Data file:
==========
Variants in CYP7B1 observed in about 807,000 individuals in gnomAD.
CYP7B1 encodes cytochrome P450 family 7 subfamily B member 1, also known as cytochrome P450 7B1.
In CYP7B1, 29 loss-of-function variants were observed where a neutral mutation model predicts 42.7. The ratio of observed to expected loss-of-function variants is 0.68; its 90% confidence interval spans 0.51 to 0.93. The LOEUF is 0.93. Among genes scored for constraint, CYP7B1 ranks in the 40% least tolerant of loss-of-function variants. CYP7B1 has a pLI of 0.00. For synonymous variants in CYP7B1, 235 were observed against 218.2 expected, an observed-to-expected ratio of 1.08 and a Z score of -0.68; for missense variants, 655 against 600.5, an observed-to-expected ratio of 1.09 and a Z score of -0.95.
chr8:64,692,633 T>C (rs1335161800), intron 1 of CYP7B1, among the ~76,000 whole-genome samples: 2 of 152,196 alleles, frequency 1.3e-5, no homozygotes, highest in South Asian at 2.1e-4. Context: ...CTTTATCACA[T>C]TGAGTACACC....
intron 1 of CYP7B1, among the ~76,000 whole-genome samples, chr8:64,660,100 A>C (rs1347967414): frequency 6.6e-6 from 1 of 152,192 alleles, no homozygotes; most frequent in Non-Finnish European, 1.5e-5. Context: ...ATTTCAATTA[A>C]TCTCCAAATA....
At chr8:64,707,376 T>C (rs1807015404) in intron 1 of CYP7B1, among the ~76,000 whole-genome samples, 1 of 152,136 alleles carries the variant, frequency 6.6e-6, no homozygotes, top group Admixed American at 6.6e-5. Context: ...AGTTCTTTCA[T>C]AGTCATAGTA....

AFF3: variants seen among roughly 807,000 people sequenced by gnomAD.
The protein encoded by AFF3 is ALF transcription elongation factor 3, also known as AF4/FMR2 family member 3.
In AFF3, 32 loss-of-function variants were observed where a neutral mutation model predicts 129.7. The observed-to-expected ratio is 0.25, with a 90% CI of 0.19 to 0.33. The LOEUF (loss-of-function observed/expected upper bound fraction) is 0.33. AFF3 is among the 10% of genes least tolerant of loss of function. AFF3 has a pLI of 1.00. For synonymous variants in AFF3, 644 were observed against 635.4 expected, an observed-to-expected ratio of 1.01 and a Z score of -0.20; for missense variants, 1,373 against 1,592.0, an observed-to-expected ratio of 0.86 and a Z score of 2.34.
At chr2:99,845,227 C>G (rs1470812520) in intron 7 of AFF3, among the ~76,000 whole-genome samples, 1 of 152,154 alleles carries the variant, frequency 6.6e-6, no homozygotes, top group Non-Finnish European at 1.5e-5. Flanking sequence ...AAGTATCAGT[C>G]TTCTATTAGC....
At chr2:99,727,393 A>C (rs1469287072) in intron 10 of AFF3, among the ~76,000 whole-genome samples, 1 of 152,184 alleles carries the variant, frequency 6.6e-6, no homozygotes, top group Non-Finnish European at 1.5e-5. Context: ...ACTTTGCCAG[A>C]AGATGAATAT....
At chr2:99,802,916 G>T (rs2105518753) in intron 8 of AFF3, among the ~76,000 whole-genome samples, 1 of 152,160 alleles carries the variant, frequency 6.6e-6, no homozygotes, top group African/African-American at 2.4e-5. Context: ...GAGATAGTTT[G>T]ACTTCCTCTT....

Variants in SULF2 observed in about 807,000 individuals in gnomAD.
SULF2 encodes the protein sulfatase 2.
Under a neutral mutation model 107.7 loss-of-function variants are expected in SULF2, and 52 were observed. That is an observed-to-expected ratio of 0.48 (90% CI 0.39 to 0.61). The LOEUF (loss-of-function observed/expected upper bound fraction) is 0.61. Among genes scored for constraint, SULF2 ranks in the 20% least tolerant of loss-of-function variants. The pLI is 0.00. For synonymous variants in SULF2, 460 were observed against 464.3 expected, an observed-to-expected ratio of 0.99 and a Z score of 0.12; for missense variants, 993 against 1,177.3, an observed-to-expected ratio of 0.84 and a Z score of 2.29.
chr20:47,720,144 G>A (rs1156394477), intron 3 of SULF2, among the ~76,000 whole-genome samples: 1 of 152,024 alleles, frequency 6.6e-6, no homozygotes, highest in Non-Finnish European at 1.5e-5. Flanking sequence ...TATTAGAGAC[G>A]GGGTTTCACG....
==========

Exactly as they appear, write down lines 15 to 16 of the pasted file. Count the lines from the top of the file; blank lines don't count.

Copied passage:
Under a neutral mutation model 107.7 loss-of-function variants are expected in SULF2, and 52 were observed. That is an observed-to-expected ratio of 0.48 (90% CI 0.39 to 0.61). The LOEUF (loss-of-function observed/expected upper bound fraction) is 0.61. Among genes scored for constraint, SULF2 ranks in the 20% least tolerant of loss-of-function variants. The pLI is 0.00. For synonymous variants in SULF2, 460 were observed against 464.3 expected, an observed-to-expected ratio of 0.99 and a Z score of 0.12; for missense variants, 993 against 1,177.3, an observed-to-expected ratio of 0.84 and a Z score of 2.29.
chr20:47,720,144 G>A (rs1156394477), intron 3 of SULF2, among the ~76,000 whole-genome samples: 1 of 152,024 alleles, frequency 6.6e-6, no homozygotes, highest in Non-Finnish European at 1.5e-5. Flanking sequence ...TATTAGAGAC[G>A]GGGTTTCACG....